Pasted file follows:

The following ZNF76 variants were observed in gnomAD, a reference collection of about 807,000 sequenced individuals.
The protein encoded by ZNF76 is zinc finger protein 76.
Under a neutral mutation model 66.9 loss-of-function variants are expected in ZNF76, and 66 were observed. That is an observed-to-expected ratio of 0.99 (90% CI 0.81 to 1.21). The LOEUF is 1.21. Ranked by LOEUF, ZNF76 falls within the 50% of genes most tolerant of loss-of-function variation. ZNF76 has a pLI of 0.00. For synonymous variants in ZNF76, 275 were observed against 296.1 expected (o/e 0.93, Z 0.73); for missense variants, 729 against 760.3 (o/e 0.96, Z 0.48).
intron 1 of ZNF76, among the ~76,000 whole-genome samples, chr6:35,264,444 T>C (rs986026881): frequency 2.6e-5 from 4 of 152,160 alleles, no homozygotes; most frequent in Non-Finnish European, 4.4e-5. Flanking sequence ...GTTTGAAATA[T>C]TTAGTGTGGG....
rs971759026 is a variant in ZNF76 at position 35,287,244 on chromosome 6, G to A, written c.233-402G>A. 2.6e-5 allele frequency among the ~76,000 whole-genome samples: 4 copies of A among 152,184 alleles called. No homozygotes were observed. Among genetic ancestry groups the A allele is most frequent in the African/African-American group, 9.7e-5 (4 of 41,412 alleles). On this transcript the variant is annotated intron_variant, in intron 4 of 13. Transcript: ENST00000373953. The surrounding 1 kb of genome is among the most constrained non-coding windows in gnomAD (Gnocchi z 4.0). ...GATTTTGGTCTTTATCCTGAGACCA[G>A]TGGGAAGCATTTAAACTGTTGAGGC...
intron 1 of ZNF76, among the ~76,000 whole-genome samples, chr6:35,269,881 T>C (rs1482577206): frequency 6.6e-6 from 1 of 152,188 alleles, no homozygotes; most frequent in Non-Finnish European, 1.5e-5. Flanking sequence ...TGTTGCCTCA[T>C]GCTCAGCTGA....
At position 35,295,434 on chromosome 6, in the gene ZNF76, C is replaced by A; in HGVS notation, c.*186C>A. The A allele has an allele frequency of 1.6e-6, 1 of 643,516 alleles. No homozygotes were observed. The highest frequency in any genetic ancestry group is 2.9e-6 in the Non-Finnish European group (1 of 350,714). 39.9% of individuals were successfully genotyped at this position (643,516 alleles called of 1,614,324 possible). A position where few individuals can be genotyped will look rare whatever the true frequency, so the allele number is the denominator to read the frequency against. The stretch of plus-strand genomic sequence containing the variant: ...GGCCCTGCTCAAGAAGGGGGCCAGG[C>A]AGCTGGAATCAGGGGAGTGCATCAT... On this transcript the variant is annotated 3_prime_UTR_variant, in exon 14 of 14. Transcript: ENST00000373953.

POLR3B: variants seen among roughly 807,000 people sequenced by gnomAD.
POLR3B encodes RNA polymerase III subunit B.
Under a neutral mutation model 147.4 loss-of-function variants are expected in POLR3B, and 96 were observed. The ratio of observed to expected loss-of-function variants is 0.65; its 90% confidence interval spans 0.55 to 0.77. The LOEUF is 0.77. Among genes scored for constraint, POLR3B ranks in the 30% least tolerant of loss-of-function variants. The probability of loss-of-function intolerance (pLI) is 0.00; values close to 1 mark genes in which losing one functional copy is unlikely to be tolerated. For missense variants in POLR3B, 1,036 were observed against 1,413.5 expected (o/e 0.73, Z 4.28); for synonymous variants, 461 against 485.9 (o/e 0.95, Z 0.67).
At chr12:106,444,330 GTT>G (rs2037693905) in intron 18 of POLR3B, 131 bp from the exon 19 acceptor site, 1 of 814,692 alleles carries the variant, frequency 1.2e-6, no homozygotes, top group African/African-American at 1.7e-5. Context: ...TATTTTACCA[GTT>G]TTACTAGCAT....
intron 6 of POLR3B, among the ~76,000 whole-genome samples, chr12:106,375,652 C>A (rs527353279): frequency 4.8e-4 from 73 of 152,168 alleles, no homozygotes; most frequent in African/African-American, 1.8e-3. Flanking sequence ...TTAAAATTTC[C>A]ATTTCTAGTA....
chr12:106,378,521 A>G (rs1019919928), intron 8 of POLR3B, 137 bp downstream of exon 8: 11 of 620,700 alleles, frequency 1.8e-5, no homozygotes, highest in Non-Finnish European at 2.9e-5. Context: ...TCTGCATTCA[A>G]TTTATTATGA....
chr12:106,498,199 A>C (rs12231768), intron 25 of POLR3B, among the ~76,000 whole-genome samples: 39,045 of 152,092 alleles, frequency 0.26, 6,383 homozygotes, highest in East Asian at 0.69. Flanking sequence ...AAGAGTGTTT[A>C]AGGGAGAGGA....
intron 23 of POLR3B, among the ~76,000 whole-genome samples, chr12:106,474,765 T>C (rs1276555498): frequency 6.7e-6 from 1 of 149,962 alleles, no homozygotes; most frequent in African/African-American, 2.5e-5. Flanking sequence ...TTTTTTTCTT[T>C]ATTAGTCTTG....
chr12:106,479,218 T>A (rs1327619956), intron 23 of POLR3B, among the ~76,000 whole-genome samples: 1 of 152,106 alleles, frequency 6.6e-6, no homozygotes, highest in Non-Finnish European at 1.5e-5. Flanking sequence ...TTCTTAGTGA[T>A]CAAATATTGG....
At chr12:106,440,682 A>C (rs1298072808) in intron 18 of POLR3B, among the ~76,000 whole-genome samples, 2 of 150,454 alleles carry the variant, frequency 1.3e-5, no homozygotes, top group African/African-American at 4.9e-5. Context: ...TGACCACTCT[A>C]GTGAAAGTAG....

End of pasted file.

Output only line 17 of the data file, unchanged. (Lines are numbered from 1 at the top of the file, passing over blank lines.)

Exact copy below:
At chr12:106,440,682 A>C (rs1298072808) in intron 18 of POLR3B, among the ~76,000 whole-genome samples, 2 of 150,454 alleles carry the variant, frequency 1.3e-5, no homozygotes, top group African/African-American at 4.9e-5. Context: ...TGACCACTCT[A>C]GTGAAAGTAG....